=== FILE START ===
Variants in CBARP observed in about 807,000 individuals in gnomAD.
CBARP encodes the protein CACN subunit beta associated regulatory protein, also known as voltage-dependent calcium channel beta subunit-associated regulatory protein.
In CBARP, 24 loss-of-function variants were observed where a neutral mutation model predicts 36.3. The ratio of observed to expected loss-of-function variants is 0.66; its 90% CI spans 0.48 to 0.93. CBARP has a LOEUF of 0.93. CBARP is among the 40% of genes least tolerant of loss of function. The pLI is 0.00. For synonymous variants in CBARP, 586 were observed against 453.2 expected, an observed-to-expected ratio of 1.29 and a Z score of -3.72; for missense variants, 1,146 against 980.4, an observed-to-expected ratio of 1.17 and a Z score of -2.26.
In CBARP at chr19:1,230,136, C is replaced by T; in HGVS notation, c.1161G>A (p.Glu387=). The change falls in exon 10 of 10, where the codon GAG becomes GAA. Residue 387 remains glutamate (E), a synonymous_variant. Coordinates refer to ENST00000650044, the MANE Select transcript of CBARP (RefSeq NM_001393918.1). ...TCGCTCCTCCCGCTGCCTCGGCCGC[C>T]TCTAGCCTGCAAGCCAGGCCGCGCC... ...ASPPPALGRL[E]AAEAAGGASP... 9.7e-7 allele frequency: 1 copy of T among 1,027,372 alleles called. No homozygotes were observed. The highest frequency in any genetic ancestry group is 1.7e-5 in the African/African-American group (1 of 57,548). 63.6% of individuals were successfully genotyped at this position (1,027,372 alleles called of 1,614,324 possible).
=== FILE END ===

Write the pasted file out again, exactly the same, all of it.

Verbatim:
Variants in CBARP observed in about 807,000 individuals in gnomAD.
CBARP encodes the protein CACN subunit beta associated regulatory protein, also known as voltage-dependent calcium channel beta subunit-associated regulatory protein.
In CBARP, 24 loss-of-function variants were observed where a neutral mutation model predicts 36.3. The ratio of observed to expected loss-of-function variants is 0.66; its 90% CI spans 0.48 to 0.93. CBARP has a LOEUF of 0.93. CBARP is among the 40% of genes least tolerant of loss of function. The pLI is 0.00. For synonymous variants in CBARP, 586 were observed against 453.2 expected, an observed-to-expected ratio of 1.29 and a Z score of -3.72; for missense variants, 1,146 against 980.4, an observed-to-expected ratio of 1.17 and a Z score of -2.26.
In CBARP at chr19:1,230,136, C is replaced by T; in HGVS notation, c.1161G>A (p.Glu387=). The change falls in exon 10 of 10, where the codon GAG becomes GAA. Residue 387 remains glutamate (E), a synonymous_variant. Coordinates refer to ENST00000650044, the MANE Select transcript of CBARP (RefSeq NM_001393918.1). ...TCGCTCCTCCCGCTGCCTCGGCCGC[C>T]TCTAGCCTGCAAGCCAGGCCGCGCC... ...ASPPPALGRL[E]AAEAAGGASP... 9.7e-7 allele frequency: 1 copy of T among 1,027,372 alleles called. No homozygotes were observed. The highest frequency in any genetic ancestry group is 1.7e-5 in the African/African-American group (1 of 57,548). 63.6% of individuals were successfully genotyped at this position (1,027,372 alleles called of 1,614,324 possible).